Umbrellas of Cherbourg

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					“The Umbrellas of Cherbourg,” (“Les parapluies de Cherbourg”)
(1964), a tenderly told musical romantic drama, was, in its time, a
great big immensely popular hit for Jacques Demy, (), who both wrote and
directed it.   The French director created a singular cinema classic, a
burst of color and emotion in which every word of dialog is sung, to an
everlastingly beloved score by French composer Michel Legrand. After
Demy’s rather early death, the film was restored in 1995 by his widow
Agnes Varda, also a French director, (CLEO FROM 5 TO 7).


Beautiful Geneviève, 17, (Catherine Deneuve, ) lives and works with her widowed
mother, Mme. Emory (Anne Vernon) who owns an umbrella shop in Cherbourg, a rainy
coastal port. The young clerk and Guy, (Nino Castelnuovo), a twenty-year-old auto
mechanic, who is always scented with gasoline, are in love and want to marry. But when
Genevieve tells her mother, the older woman objects on the grounds that her daughter is
too young; and Guy, not mature or well-established enough, particularly since he has not
yet done his required military service. Shortly afterwards, Guy is indeed drafted for his
military service, to be sent to the Algerian war. Before he leaves, he and Geneviève
consummate their love; she will become pregnant. While Guy is away they drift apart,
and Geneviève, strongly encouraged by her mother, accepts a marriage proposal from
well-to-do gem dealer Roland Cassard, Marc Michel (LE TROU). He has fallen in love
with her at first sight and has promised to bring up her child as his own.

The film opens in rain, and it seems like it always rains in Cherbourg, evidently a good
place to sell umbrellas. The ancient northern city has always been an important port,
fought over by generations of French, Germans, and English, and somehow, Demy shows
us how beat-up it is, even as he gives us its cobblestone streets suffused in bright pastel
colors. Even the interiors are exuberantly colored; we see a lot of the green and purple
combination made so popular by the waterlilies paintings of the French artist Monet. The
young Deneuve, an astonishing beauty, is never less than charmingly dressed, and
pregnant as she is supposed to be, may still be the most gorgeous movie bride ever. Mind
you, even the umbrella shop, and Guy’s garage are charmingly portrayed, and the quite
pretty Mme. Emory, as portrayed by Anne Vernon, could have had no complaints about
her wardrobe.

I have always particularly loved the Carnival scene, which takes place, of course, in the
rain. In this heart-breaking scene, perhaps an homage to the carnival scene in the great
French movie, CHILDREN OF PARADISE, Genevieve decides that she must after all
marry Roland. It is also noticeable that every character in this movie is lonely.
Genevieve and her mother have only each other; her mother is the only person at
Genevieve’s wedding to Roland. Roland has only his mother. Guy has only his
godmother, with whom he lives; young Madeleine, who looks after her, has no family at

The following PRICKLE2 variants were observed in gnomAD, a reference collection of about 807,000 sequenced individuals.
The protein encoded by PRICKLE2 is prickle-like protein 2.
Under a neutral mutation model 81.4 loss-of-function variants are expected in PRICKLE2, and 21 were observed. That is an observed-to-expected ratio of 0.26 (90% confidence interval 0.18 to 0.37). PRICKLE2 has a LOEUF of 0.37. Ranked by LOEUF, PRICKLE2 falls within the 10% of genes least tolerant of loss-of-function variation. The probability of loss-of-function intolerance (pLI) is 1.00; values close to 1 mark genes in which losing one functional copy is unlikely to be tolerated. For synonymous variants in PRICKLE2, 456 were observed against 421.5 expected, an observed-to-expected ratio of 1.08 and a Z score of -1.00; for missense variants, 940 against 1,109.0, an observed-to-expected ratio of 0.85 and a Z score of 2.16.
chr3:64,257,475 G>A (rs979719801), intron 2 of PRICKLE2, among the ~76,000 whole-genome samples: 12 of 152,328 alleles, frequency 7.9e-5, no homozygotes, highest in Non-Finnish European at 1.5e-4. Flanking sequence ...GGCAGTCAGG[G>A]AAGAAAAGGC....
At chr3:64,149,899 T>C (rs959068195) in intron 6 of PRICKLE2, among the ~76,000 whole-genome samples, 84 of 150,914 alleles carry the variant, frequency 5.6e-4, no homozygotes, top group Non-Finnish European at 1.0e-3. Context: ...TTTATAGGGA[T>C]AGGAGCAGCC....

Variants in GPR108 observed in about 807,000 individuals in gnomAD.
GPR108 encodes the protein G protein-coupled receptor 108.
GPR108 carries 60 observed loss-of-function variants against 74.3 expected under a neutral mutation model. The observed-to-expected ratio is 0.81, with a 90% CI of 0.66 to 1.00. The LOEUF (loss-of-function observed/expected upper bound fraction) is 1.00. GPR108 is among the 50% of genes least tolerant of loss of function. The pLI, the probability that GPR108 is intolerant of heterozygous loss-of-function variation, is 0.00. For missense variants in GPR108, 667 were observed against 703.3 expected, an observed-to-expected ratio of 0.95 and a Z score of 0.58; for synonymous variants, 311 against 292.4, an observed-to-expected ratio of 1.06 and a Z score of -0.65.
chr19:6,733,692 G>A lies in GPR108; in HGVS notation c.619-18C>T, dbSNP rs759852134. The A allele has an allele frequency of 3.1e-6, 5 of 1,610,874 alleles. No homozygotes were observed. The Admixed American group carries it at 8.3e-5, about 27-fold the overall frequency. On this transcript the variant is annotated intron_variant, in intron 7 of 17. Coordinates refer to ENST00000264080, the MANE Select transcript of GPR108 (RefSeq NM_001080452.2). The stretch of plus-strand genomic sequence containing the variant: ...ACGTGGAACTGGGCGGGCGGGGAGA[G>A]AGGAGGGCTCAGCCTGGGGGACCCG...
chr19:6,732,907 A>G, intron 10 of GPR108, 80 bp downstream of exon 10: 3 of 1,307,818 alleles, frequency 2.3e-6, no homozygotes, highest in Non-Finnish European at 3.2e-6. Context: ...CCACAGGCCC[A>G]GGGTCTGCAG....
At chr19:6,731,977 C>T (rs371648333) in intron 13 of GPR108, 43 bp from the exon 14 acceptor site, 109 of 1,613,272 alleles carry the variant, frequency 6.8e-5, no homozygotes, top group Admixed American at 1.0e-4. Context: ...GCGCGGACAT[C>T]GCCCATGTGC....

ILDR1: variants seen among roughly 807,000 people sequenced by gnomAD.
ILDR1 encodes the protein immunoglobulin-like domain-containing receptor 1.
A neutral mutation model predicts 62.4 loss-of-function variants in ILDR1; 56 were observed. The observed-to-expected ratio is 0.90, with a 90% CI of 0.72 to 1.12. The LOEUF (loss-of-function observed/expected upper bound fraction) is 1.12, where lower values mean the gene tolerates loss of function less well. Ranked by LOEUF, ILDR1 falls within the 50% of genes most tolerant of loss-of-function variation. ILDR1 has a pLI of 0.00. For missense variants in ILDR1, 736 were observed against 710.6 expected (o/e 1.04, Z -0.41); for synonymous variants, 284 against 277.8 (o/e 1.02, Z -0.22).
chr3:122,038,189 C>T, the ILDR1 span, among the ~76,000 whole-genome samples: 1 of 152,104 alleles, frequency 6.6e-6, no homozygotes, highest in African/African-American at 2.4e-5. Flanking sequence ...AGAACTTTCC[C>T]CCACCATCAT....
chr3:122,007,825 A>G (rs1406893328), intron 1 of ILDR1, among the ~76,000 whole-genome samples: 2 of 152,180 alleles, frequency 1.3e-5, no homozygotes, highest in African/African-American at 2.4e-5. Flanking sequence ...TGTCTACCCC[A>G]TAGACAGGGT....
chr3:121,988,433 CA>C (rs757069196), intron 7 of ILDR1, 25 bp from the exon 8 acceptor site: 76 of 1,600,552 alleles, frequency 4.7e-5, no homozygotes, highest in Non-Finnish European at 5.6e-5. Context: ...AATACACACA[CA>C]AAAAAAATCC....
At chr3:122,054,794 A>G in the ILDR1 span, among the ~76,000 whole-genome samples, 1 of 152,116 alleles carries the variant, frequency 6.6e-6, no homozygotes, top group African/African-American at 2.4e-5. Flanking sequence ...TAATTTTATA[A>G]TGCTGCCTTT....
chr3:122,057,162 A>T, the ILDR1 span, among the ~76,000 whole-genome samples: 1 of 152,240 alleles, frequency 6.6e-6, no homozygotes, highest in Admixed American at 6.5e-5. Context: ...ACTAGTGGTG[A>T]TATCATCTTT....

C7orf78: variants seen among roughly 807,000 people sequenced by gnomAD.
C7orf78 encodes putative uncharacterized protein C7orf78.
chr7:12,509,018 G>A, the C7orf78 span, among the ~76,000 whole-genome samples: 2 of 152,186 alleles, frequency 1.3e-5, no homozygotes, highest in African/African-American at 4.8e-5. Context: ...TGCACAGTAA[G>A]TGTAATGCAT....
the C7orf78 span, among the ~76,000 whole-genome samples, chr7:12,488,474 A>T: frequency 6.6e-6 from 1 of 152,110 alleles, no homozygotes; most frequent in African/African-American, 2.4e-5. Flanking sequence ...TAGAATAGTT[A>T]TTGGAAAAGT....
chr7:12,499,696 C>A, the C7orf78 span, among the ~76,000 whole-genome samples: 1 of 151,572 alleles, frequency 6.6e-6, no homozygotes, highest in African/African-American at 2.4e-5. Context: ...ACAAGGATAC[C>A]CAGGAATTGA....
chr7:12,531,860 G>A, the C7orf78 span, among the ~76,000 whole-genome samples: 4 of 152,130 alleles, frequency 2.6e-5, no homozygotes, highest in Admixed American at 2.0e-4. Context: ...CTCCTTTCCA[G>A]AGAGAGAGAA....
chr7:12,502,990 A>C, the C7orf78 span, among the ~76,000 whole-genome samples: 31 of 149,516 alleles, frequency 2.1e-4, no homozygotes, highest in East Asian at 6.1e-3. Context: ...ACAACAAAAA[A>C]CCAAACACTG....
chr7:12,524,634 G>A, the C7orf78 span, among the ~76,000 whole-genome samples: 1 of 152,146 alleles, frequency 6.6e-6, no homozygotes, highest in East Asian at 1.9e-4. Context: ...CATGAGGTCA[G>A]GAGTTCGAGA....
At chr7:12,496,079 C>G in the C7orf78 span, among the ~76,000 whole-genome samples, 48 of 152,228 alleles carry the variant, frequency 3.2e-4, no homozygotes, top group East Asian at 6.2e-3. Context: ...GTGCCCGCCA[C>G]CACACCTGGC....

all. Only Guy and Madeleine are at the godmother’s funeral. I wonder if this is a
reflection of French life?
Thousands of words have been written about this movie’s final scenes, which take place
in a snowy Cherbourg, in December 1963, shortly after the assassination of American
president John F. Kennedy. Guy has his own garage, bought with an inheritance from his
godmother, and is evidently happily married, father of a boy Francois; although he does
not appear to be that well-off financially, from the numerous clues we are given.
Genevieve pulls in – simply for gas?—driving a black Mercedes, with her daughter
Francoise. Guy’s wife, after doing the dinner dishes by hand, has walked downtown with
their son. Genevieve wears a mink coat – Guy’s wife wears an old cloth coat; Genevieve
wears high heeled sandals; Guy’s wife wears matronly footwear suitable for a snowy
walk. Genevieve is wearing a lot of makeup, pearl earrings the size of dinner plates, and
very elaborately done hair. Guy’s wife isn’t.

But is Genevieve happy? She doesn’t appear to be. Did she, who’s never been alone,
really send her daughter, after the autumn death of her mother, Mme. Emory, to her
mother-in-law’s in Anjou? And, after picking up her daughter, did she really drive in the
snow, from Anjou to Cherbourg, a five hour detour from the Paris road, as roads then
were, simply on a whim? No matter, Guy refuses to see his daughter and sends
Genevieve on her way.

The camera leaves Genevieve, Deneuve, cold and beautiful, aloof and mysterious, as she
always was and has been. Critics have always said that her lively real-life sister
Francoise Dorleac, who died tragically young, at the wheel of a sports car on the Riviera,
was the only person who could warm Deneuve’s affect. But we here see Genevieve,
Deneuve, accustomed to the uses of money, as she has become, and as we have long
grown accustomed to seeing her. Seems to me, neither Genevieve nor Deneuve were
born to be lost in love and marriage. She’s simply too beautiful, and must exist in the
public sphere, as Deneuve has. Her image has been used in chic advertising for decades.
And it was used to represent Marianne, the national symbol of France, for many years, on
view in every city, town, and village hall. She’s had children by two lovers, famous
French film director Roger Vadim, and famous Italian actor Marcello Mastroianni; has
been married once, but has since said, “marriage is obsolete and a trap.”

Ah well, the plot of UMBRELLAS surely has its soap opera elements. And I like to
think of myself as a sophisticate, but I love it.

				
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